145 Evolution of Extreme Precipitation: A Satellite Based Investigation

Monday, 11 January 2016
Ryan Louis Gonzalez, Center for Multiscale Modeling of Atmospheric Processes, Fort Collins, CO; and C. Kummerow and J. Bytheway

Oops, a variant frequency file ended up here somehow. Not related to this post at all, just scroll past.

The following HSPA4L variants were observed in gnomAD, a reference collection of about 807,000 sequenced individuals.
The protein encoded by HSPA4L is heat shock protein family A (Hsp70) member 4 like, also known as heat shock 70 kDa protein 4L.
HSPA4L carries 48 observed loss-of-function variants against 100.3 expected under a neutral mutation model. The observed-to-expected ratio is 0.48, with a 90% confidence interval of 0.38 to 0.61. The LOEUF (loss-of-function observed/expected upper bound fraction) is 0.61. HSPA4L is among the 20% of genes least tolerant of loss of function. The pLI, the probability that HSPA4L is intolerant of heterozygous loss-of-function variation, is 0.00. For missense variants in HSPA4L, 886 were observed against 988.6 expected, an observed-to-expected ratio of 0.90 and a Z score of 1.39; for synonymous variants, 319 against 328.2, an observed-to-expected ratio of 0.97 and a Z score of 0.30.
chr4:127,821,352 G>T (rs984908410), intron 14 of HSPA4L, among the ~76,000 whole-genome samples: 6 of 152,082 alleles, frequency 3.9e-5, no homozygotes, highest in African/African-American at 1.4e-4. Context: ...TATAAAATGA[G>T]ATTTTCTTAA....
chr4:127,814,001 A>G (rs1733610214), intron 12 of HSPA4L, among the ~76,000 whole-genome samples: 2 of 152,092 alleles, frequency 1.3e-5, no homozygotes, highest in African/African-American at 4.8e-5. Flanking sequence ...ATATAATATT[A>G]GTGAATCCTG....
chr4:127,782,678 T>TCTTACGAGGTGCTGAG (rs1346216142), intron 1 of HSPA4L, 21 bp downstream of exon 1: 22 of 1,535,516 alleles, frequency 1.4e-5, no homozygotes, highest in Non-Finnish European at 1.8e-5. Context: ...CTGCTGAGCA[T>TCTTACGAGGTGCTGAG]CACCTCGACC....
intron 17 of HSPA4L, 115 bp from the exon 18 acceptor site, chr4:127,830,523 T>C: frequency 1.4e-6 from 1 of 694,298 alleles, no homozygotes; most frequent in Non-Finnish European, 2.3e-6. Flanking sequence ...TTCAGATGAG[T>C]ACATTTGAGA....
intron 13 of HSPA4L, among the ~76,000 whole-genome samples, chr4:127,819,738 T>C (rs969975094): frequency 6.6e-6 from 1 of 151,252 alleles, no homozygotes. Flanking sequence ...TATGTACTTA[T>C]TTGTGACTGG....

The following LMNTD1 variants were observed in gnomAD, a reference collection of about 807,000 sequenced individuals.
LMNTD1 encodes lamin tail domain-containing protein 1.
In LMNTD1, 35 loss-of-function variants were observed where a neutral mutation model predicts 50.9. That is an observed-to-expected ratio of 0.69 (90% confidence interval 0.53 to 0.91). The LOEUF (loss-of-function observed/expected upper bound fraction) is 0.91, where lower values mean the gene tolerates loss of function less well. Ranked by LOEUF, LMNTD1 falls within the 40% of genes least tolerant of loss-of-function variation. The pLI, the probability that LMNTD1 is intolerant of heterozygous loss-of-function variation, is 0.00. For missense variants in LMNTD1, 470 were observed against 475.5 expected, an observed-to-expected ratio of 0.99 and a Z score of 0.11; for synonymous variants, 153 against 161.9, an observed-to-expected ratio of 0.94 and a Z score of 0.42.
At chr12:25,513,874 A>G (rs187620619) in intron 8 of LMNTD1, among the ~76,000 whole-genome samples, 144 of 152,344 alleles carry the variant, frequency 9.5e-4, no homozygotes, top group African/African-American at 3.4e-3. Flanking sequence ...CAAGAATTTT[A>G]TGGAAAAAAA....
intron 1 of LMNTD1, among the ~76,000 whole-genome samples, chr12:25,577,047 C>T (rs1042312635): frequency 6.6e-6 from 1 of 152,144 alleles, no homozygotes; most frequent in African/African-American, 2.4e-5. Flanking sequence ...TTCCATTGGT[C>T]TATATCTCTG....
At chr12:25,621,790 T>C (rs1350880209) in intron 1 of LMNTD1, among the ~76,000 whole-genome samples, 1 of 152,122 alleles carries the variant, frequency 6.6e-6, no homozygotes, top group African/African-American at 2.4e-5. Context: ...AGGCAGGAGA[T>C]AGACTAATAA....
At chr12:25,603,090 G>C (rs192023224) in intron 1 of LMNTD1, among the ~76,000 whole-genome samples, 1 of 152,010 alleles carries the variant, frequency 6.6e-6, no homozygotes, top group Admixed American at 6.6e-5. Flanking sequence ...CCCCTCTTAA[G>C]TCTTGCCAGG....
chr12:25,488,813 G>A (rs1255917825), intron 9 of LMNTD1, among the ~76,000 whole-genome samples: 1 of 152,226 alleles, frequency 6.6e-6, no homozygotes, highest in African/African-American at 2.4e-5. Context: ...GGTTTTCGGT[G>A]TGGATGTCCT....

The high variability of precipitation, spatially and temporally, creates problems in determining accurate measurements of accumulation and intensity. These problems become larger when trying to grasp how precipitation, and therefore precipitation extremes, will evolve in response to a warming climate. The general consensus among research is for an increase in precipitation intensity with an increase in moisture (Trenberth et al. 2003, Ingram and Allen 2002, Meehl et al. 2000). This study analyzes the evolution of precipitation extremes in tropical oceans with respect to an increase in atmospheric water content. The Global Precipitation Measurement Core satellite provides near global rain data on a daily timescale. Merged with ERA-Interim reanalysis data, probability density functions were generated with varying values of water vapor. It is shown there is no correlation for higher rain rates by simply increasing water vapor alone. Further, by performing the same process while adding a high and low category for CAPE values, the results indicate no interdependence between CAPE and an increase in extreme rain rates, which has been observed before (Sobel et al. 2004). An analysis into the vertical structure of moisture, inside a raining cloud, yielded similar results. Looking into factors such as the three dimensional structure of rain, location of liquid, ice, and mixed-phase regions, as well as other meteorological variables would likely provide a better understanding of the evolution of precipitation in respect to an increase in atmospheric water content. Understanding how precipitation will change in a warming climate will provide an advanced understanding into the transformation of Earth's water cycle. 015-->
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